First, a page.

Happy Friday the 13th, paraskevidekatriaphobes! I’m just stopping off at the blog to type up a quick post on an interesting subject.
Why is this day considered unlucky? Like many elements of folklore and superstition, it’s hard to trace; but the most accepted theory is that it stems from medieval contemplation of Christian elements.
It’s pretty easy to see why Friday might be considered unlucky; it was the day of the week when Christ died, after all. The fear of the number 13 is likewise thought to stem from the death of Christ: that is, the Last Supper involved 13 people and took place on the 13th of Nisan.
Of course, this correlation is contrary to Catholicism. In addition to the condemnation of superstition as “the deviation of religious feeling” (CCC 2111), why would God condemn one day of the week or one number as being somehow better or worse than the others? Even Sundays are not inherently better than other days; they are simply used to mark particular religious practices.
Sure, I have a whole article on the religious significance of March 25th, celebrating the symbolism inherent in that date; but there is nothing about that specific point on the calendar that makes it inherently good or bad. To put it another way: if the calendar were replaced with something completely different, would the luckiness or unluckiness of that particular day remain? Dates like March 25th and Friday the 13th have cultural significance, nothing more. The Pope could move even the dates of Easter and Christmas; there are no commandments from God saying that those specific times must be observed.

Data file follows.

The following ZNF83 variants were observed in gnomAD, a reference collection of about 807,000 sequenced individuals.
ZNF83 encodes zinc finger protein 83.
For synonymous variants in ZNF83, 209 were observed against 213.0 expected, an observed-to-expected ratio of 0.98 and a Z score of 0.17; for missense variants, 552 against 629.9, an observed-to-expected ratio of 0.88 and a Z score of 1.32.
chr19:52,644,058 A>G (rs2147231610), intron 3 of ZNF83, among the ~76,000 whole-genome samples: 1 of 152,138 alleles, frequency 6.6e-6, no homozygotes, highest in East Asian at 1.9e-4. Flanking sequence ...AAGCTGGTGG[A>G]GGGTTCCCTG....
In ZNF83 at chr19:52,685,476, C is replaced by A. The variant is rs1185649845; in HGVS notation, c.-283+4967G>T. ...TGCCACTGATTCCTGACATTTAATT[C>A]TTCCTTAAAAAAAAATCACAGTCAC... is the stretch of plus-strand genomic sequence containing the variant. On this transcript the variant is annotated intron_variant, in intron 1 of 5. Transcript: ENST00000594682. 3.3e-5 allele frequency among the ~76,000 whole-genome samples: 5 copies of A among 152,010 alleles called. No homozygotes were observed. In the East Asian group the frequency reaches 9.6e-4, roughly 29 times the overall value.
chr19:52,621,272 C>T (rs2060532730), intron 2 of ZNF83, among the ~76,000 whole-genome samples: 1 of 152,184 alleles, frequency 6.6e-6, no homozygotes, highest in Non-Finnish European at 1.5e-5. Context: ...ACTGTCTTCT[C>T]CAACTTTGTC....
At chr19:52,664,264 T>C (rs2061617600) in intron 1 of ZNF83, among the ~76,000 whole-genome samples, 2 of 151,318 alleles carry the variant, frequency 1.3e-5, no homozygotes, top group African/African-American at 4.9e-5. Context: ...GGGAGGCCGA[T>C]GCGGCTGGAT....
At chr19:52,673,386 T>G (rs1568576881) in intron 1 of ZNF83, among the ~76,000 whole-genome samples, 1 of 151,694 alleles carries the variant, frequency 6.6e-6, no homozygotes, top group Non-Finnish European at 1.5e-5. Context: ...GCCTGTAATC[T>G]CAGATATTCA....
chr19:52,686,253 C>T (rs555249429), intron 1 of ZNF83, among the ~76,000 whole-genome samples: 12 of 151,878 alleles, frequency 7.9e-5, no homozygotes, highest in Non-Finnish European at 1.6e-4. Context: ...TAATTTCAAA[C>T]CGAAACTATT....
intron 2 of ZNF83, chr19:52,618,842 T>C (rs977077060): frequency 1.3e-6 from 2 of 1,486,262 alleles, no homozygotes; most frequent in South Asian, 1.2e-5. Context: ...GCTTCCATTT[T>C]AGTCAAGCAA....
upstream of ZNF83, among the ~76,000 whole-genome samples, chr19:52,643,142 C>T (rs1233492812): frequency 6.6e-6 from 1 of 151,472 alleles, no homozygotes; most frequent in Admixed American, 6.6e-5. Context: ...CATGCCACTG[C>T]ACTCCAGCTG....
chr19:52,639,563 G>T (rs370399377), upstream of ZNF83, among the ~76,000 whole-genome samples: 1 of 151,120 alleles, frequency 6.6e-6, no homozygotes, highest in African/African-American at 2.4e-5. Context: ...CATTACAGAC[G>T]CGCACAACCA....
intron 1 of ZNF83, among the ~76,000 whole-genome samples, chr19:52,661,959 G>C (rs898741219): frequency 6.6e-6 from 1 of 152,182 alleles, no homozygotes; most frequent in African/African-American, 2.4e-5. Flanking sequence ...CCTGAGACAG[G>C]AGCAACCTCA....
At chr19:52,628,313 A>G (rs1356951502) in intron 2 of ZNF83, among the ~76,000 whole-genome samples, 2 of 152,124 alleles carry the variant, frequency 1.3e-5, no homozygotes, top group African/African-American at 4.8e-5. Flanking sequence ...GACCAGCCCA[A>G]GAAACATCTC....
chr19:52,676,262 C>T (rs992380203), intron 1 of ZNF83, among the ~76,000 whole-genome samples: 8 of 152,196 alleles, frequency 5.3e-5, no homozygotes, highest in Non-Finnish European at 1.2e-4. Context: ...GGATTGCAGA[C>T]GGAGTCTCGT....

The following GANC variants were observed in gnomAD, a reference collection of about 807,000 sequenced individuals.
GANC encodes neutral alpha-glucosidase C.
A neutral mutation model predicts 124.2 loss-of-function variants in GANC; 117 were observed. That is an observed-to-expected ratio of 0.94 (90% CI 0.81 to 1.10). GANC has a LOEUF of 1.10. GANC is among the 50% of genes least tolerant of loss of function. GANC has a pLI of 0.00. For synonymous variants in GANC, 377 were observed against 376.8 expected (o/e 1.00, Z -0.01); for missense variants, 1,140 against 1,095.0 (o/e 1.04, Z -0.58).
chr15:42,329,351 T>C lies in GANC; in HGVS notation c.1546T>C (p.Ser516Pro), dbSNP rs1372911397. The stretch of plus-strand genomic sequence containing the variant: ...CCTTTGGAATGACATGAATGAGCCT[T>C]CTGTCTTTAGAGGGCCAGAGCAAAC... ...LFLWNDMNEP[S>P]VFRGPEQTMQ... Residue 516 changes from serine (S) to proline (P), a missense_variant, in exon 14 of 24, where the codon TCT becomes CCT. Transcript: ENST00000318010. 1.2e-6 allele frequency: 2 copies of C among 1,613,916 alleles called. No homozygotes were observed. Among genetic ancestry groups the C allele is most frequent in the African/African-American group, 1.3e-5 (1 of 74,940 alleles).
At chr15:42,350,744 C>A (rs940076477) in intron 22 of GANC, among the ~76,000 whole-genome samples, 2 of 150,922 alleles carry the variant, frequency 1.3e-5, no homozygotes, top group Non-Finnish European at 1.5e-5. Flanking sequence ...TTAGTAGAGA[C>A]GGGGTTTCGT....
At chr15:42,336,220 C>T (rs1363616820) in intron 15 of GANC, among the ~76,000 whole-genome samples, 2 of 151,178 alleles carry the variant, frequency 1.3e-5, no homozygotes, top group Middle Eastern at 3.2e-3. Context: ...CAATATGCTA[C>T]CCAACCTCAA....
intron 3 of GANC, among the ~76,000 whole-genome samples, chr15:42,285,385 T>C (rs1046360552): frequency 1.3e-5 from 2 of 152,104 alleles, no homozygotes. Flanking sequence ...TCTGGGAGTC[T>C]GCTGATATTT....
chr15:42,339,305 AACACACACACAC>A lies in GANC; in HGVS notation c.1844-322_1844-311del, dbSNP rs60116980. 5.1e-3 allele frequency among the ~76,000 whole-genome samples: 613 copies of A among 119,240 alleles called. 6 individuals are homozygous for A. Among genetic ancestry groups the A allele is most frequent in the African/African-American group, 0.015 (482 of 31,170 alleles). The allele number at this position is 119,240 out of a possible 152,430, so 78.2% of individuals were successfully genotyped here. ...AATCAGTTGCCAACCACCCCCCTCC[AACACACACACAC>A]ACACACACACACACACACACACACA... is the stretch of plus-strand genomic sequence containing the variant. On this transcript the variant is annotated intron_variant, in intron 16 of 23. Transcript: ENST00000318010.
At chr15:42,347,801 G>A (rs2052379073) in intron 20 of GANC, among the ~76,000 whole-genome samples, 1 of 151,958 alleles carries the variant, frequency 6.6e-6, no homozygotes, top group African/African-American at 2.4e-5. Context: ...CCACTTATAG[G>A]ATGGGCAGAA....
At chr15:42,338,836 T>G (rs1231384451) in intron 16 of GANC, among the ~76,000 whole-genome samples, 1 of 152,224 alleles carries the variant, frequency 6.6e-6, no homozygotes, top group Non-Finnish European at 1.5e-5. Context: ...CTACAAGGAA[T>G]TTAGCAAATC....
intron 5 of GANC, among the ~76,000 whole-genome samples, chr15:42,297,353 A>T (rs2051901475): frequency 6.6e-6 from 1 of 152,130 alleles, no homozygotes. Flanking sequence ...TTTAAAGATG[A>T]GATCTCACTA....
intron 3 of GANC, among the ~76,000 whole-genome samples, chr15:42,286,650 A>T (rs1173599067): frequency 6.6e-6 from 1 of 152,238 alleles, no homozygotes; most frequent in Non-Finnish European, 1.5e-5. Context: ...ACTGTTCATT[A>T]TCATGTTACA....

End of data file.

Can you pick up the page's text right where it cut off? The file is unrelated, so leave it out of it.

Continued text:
(And to those who might want to object to that claim, since Easter is based on Passover: have you noticed that Passover and Easter don’t always line up? Or that the Eastern churches don’t use the same liturgical calendar as Rome, and yet are still considered valid?)
But there’s an even greater argument against Friday the 13th being a particularly “bad” day for no other reason than the date. It has to do with what today is. Today is the 99th anniversary of the first apparition at Fatima.
Not only did Our Lady appear to the children five more times, each time on the 13th of the month, but July 13th, 1917, fell on a Friday.
That’s right. Even if it’s true that the fear of Fridays and the number 13 stem from a Christian source, the Mother of God appeared on Friday the 13th. I can just imagine God telling Mary “Okay, this Friday the 13th thing has gone on long enough. Mind making it a holiday?”
So I genuinely wish you all a great Friday the 13th! Our Lady of Fatima, pray for us.